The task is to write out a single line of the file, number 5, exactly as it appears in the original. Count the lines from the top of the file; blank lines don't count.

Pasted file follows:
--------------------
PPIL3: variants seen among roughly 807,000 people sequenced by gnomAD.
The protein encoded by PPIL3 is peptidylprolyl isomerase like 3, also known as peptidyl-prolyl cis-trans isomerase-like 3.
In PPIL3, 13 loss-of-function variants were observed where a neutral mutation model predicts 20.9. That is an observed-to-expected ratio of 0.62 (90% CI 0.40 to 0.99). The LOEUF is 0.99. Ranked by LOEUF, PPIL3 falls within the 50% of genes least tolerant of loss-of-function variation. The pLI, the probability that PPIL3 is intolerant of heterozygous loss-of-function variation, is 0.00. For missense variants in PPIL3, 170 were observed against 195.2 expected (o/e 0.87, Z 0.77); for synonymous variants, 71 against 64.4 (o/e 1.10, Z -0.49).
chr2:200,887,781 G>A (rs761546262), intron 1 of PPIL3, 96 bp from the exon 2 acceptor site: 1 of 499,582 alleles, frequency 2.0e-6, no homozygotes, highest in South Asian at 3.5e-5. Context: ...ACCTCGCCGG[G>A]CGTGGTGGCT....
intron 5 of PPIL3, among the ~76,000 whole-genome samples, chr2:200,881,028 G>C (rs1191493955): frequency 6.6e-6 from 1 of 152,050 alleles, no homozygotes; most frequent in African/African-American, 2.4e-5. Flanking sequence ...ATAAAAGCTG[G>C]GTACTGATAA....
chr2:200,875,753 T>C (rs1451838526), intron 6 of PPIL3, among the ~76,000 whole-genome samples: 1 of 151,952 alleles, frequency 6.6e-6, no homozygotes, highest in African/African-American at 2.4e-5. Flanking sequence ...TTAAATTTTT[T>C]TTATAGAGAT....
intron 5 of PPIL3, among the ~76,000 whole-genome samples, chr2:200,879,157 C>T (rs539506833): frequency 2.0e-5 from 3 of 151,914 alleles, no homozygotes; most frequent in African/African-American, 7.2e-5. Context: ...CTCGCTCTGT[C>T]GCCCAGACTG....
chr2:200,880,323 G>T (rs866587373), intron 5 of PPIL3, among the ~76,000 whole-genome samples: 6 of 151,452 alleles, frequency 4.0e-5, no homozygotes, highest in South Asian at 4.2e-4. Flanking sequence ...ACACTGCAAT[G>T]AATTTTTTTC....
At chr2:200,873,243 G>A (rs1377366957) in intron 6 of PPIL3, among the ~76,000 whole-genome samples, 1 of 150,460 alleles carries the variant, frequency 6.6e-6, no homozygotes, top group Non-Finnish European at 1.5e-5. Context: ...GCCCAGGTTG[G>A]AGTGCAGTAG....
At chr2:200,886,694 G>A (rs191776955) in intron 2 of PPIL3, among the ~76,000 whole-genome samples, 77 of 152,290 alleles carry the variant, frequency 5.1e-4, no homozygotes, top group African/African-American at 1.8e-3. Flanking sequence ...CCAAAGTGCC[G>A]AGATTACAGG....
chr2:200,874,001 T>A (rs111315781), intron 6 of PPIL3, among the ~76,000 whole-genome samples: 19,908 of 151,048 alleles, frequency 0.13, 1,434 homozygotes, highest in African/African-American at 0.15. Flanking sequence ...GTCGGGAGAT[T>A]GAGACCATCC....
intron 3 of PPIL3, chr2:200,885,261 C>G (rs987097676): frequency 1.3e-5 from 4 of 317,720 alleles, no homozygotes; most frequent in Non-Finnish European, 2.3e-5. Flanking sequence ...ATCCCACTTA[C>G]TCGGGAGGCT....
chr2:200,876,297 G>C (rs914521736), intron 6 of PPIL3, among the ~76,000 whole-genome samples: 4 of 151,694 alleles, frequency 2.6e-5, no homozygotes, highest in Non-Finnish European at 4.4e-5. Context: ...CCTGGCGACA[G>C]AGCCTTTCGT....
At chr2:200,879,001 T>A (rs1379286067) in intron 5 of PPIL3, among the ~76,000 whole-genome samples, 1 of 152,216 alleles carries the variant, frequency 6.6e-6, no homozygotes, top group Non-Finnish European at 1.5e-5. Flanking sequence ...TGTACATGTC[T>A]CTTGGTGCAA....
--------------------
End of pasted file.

intron 5 of PPIL3, among the ~76,000 whole-genome samples, chr2:200,881,028 G>C (rs1191493955): frequency 6.6e-6 from 1 of 152,050 alleles, no homozygotes; most frequent in African/African-American, 2.4e-5. Flanking sequence ...ATAAAAGCTG[G>C]GTACTGATAA....